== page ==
Man meets RAM

The Gold Coast Bulletin - Play Magazine - - MOVIES -

HE story of a robot and an old man los­ing his me­mory, Robot & Frank is a hard, funny and real­is­tic look at the fu­ture.

Frank Lan­gella has cre­ated some im­pres­sive per­for­mances ( Start­ing Out in the Evening, Frost/ Nixon), but in some ways, his role here as Frank is his best show­case yet.

Lan­gella car­ries most of the film’s hu­mour – con­sid­er­able, though quiet and sub­tle. He is at all times show­ing us who this char­ac­ter is, what he is be­com­ing and who he used to be. It’s a beau­ti­ful per­for­mance in a movie that hap­pily seems at no point try­ing to be beau­ti­ful.

The world of Robot & Frank could be 20 years from now, or with the way tech­nol­ogy is ad­vanc­ing, it could be 10. One hint of the time frame is that Su­san Saran­don plays a friend of Frank’s named Jen­nifer. Saran­don is 65, but most of the world’s Jen­nifers are cur­rently in their 40s. This movie takes place at a not-too-dis­tant time when the most pop­u­lar name on So­cial Se­cu­rity files is Jen­nifer.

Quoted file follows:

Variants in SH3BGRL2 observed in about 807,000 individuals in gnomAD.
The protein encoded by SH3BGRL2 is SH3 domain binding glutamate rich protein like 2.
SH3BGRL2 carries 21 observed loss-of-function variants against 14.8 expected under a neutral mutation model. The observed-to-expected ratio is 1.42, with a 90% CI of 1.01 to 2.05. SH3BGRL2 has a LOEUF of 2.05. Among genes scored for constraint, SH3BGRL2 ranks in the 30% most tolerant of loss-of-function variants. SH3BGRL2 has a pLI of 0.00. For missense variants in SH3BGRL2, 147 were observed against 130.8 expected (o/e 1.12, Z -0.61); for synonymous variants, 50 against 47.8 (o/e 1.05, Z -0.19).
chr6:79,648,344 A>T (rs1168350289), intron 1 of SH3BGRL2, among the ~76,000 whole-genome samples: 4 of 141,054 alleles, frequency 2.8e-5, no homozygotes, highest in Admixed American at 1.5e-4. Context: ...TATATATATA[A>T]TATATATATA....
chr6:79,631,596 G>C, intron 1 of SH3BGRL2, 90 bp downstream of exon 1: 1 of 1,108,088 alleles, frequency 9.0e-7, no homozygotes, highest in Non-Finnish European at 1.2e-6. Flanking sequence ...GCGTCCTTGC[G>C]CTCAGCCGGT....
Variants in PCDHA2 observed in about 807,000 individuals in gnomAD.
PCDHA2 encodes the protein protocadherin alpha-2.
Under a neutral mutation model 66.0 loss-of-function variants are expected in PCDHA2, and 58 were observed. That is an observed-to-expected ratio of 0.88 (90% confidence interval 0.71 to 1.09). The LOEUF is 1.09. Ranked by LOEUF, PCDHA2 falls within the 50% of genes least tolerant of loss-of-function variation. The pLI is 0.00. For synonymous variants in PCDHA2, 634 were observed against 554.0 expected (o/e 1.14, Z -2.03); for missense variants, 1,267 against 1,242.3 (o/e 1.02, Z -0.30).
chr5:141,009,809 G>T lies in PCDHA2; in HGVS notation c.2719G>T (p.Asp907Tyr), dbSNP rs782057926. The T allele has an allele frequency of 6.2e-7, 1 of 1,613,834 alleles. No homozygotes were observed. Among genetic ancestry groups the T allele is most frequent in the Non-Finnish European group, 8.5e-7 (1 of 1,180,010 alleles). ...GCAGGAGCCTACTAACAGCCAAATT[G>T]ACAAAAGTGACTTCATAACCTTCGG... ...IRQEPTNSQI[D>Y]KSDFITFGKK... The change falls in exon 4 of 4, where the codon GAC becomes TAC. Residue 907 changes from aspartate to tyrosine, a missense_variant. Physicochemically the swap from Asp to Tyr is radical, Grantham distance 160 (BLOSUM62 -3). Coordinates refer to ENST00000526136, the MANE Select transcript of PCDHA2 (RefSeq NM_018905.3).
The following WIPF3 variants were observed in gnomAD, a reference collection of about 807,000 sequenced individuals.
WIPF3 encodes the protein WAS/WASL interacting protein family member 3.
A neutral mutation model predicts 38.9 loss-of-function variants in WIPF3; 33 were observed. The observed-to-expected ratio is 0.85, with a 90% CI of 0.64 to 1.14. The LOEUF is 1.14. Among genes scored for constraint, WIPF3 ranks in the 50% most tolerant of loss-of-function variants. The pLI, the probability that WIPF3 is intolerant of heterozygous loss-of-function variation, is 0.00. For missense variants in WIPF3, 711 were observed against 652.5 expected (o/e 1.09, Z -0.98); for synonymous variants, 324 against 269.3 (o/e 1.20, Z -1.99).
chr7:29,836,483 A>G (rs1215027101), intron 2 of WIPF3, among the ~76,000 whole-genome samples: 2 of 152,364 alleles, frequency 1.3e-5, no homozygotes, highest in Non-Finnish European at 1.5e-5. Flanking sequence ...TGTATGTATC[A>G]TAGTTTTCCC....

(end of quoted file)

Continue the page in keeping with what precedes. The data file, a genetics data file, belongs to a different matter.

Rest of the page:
Frank (Lan­gella), in his 70s, suf­fers from two ma­jor ail­ments – he’s in the early stages of de­men­tia and he’s bored stiff. Frank’s son (James Mars­den) brings the robot along as a kind of health aid for Dad. Voiced by Peter Sars­gaard, it cooks, cleans and even gives en­e­mas on re­quest.

Hap­pily, Robot & Frank doesn’t turn into the sen­ti­men­tal story of a man, a robot and their groovy kind of love. Screen­writer Christo­pher Ford and first-time fea­ture di­rec­tor Jake Schreier are far too shrewd to take short­cuts into cliche.

In­stead, the film boasts an imag­i­na­tive plot, with in­ter­est­ing turns and mo­ments of sus­pense as it touches on the pre­cious­ness of me­mory – hu­man and ar­ti­fi­cial.

Frank Lan­gella in

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